Visa: Financial Loser
The broad indexes paired earlier declines to end the session slightly lower, after some mixed economic reports. The KBW Bank Index (I:BKX) was down slightly to close at 54.80, with 15 of the 24 index components showing declines for the session.
The Department of Labor Department released its preliminary estimate that nonfarm business productivity declined at an annual rate of 2% in the fourth quarter, which was higher than economists estimate of a 1.3% decline, according to Zacks.
The Labor Department also said that initial unemployment claims for the week ended Feb. 2 totaled 366,000, declining by 5,000 from a revised figure of 371,000 the previous week. The consensus estimate was for new claims to come in at 360,000. The four-week average for initial claims was 350,000, down by 2,250 from the previous week.
The Federal Reserve said that consumer credit during December grew by adjusted 6.3% from a year earlier. Total consumer credit dollars increased by $14.6 billion during December from the previous month, which was in line with the consensus estimate.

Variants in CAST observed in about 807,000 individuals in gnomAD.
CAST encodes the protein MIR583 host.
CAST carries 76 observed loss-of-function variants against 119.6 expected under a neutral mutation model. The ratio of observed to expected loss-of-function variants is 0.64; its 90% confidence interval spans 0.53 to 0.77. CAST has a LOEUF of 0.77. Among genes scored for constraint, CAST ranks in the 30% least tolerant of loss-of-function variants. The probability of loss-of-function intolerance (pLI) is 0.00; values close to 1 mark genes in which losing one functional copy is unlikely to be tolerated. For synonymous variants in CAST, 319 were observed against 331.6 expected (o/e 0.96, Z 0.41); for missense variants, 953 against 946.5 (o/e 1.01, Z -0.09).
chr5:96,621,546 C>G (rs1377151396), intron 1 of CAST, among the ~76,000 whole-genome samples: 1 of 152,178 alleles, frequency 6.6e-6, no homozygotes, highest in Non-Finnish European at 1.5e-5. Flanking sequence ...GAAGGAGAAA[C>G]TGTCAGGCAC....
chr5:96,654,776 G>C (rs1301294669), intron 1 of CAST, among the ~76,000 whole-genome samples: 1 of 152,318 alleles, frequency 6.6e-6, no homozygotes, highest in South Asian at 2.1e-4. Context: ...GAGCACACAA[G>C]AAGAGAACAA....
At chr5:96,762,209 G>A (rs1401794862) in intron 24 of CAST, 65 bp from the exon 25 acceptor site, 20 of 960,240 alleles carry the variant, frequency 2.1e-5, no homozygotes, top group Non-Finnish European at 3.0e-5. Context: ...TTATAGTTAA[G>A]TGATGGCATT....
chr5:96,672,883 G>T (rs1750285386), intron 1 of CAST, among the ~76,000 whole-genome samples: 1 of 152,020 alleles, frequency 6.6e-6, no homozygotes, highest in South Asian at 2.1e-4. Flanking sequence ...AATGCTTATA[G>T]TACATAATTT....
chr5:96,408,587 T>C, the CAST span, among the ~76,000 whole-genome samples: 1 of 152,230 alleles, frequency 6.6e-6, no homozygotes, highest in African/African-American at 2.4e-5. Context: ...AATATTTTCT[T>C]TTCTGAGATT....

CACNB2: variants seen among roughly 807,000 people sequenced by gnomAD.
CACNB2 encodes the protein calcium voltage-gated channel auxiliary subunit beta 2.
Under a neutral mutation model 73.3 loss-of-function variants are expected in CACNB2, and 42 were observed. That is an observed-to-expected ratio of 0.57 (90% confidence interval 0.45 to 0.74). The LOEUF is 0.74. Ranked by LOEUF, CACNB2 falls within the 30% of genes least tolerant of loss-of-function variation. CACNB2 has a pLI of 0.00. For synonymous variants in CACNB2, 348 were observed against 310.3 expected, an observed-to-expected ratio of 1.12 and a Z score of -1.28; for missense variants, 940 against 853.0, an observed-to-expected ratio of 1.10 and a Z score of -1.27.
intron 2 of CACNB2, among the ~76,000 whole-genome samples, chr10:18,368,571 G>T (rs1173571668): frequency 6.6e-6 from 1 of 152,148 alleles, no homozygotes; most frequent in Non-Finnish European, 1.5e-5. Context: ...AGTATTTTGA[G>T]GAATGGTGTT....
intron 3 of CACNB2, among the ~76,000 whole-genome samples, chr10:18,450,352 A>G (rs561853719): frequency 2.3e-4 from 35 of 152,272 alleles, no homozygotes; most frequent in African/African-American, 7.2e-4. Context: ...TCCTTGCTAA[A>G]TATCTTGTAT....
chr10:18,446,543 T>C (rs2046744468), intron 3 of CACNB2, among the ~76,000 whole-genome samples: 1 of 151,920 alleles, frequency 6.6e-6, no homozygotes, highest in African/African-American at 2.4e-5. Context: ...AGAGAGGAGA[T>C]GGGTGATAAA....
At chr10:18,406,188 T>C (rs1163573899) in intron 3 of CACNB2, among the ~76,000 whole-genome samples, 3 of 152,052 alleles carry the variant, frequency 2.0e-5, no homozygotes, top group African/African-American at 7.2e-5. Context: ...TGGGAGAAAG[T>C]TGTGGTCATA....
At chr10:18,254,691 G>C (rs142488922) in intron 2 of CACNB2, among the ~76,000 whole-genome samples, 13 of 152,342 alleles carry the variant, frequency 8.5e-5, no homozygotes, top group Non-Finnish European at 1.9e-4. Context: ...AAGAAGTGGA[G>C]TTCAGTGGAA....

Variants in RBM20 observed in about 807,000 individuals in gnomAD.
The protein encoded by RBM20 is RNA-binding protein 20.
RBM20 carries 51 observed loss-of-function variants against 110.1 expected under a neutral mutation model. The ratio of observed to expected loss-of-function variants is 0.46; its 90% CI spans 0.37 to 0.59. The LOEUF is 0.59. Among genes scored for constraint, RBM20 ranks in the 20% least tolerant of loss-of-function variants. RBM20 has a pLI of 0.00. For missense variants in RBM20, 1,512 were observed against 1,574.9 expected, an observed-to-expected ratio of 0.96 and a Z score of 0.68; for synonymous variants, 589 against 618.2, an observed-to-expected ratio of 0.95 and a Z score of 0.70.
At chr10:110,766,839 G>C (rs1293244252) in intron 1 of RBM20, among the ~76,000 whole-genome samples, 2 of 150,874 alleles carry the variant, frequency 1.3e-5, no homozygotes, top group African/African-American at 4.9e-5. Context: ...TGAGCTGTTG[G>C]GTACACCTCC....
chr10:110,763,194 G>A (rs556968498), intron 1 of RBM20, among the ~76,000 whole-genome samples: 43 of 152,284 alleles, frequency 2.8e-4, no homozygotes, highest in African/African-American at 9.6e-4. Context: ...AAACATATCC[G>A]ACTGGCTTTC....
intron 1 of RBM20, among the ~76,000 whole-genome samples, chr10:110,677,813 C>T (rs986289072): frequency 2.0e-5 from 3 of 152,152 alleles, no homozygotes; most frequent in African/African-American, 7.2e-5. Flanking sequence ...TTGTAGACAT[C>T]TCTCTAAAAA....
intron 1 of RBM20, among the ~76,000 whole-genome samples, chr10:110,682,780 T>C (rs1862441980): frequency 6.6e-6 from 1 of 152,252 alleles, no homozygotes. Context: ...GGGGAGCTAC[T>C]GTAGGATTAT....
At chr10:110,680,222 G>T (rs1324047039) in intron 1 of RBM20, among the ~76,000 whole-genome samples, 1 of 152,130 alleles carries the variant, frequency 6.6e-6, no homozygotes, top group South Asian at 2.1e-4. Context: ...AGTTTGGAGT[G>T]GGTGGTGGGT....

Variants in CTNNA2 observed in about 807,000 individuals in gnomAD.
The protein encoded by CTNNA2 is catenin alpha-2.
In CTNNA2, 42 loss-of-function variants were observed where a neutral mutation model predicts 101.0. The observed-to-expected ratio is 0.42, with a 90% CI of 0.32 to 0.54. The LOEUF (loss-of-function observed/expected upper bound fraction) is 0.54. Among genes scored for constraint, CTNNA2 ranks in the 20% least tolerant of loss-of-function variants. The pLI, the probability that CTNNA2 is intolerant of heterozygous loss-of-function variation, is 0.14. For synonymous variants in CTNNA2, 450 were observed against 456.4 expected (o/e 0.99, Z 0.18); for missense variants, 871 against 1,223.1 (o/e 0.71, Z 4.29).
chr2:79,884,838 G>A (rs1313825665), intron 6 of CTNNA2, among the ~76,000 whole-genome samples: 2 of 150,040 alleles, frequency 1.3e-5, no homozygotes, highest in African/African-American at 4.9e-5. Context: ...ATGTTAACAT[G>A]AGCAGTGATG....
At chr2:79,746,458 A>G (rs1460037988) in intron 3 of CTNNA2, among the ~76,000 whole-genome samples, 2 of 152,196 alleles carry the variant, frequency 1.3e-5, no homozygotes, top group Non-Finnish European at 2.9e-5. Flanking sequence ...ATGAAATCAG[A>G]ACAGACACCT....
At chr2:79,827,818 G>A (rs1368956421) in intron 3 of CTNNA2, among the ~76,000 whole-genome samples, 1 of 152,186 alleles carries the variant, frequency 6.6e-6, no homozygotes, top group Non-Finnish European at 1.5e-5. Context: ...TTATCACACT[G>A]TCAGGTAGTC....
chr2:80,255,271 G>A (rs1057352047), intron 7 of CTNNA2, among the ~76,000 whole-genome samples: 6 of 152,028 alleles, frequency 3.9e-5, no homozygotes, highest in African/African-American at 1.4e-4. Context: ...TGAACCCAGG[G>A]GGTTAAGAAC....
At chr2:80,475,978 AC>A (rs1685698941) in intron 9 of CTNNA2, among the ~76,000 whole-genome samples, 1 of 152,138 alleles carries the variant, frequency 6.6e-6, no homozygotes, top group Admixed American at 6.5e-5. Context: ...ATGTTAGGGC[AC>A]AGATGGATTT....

Visa on Wednesday after the market close reported net income for its fiscal first quarter ended Dec. 31 of $1.3 billion, or $1.93 a share, increasing from $1.0 billion, or $1.49 a share, a year earlier. Excluding an 11-cent tax benefit, adjusted earnings came in at $1.82 a share, beating the consensus estimate of $1.79, among analysts polled by Thomson Reuters.
Net operating revenue grew 12% year-over-year to $2.8 billion during the fiscal first quarter, which the company attributed to "strong growth in service revenues, data processing revenues and international transaction revenues."
Visa's board of directors authorized a new $1.75 billion share repurchase program, bringing the company's total buyback authorization to $2.9 billion.
In its outlook for all of fiscal 2013, the company estimated annual revenue growth in the "low double digits," with an operating margin of roughly 60%, which matches the company's adjusted operating margin for fiscal 2012.
Bank of America Merrill Lynch analyst Kenneth Bruce rates Visa a "buy," and on Thursday raised his price target for the shares to $180. The price target "is based on a 21x multiple to our 2014E EPS forecast of $8.55, at the higher-end of the company's historical multiple range," Bruce wrote.
The analyst said Visa's long-term performance justifies a significant premium for the stock over peers. "Despite an adverse regulatory environment and sluggish economic growth the past several years, V managed 30% EPS growth per annum, demonstrating its durable operating model and providing investors a defensive posture given the continued economic uncertainty."